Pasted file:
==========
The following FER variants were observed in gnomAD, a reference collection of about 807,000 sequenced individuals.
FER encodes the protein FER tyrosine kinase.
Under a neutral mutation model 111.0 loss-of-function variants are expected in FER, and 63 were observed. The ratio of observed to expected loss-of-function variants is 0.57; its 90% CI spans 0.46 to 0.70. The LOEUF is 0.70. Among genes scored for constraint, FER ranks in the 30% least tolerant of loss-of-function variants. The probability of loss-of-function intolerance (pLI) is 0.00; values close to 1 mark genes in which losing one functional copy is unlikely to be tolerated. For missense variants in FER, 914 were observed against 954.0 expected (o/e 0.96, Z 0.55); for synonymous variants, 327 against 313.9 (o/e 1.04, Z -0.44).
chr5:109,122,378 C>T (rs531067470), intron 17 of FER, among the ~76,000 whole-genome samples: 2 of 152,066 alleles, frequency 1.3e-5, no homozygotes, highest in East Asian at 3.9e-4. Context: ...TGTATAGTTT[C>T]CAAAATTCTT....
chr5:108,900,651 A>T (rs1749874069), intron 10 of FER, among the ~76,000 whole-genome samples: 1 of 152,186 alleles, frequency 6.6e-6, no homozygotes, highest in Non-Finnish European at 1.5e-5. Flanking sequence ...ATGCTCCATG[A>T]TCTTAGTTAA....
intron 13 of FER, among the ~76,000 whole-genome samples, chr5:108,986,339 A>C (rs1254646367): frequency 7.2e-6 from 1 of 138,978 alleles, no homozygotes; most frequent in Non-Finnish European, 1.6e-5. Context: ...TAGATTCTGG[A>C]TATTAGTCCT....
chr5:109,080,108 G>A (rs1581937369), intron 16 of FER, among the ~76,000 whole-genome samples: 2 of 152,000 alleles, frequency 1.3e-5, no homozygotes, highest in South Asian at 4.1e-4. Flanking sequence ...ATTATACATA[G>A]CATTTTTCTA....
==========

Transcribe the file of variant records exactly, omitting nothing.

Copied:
The following FER variants were observed in gnomAD, a reference collection of about 807,000 sequenced individuals.
FER encodes the protein FER tyrosine kinase.
Under a neutral mutation model 111.0 loss-of-function variants are expected in FER, and 63 were observed. The ratio of observed to expected loss-of-function variants is 0.57; its 90% CI spans 0.46 to 0.70. The LOEUF is 0.70. Among genes scored for constraint, FER ranks in the 30% least tolerant of loss-of-function variants. The probability of loss-of-function intolerance (pLI) is 0.00; values close to 1 mark genes in which losing one functional copy is unlikely to be tolerated. For missense variants in FER, 914 were observed against 954.0 expected (o/e 0.96, Z 0.55); for synonymous variants, 327 against 313.9 (o/e 1.04, Z -0.44).
chr5:109,122,378 C>T (rs531067470), intron 17 of FER, among the ~76,000 whole-genome samples: 2 of 152,066 alleles, frequency 1.3e-5, no homozygotes, highest in East Asian at 3.9e-4. Context: ...TGTATAGTTT[C>T]CAAAATTCTT....
chr5:108,900,651 A>T (rs1749874069), intron 10 of FER, among the ~76,000 whole-genome samples: 1 of 152,186 alleles, frequency 6.6e-6, no homozygotes, highest in Non-Finnish European at 1.5e-5. Flanking sequence ...ATGCTCCATG[A>T]TCTTAGTTAA....
intron 13 of FER, among the ~76,000 whole-genome samples, chr5:108,986,339 A>C (rs1254646367): frequency 7.2e-6 from 1 of 138,978 alleles, no homozygotes; most frequent in Non-Finnish European, 1.6e-5. Context: ...TAGATTCTGG[A>C]TATTAGTCCT....
chr5:109,080,108 G>A (rs1581937369), intron 16 of FER, among the ~76,000 whole-genome samples: 2 of 152,000 alleles, frequency 1.3e-5, no homozygotes, highest in South Asian at 4.1e-4. Flanking sequence ...ATTATACATA[G>A]CATTTTTCTA....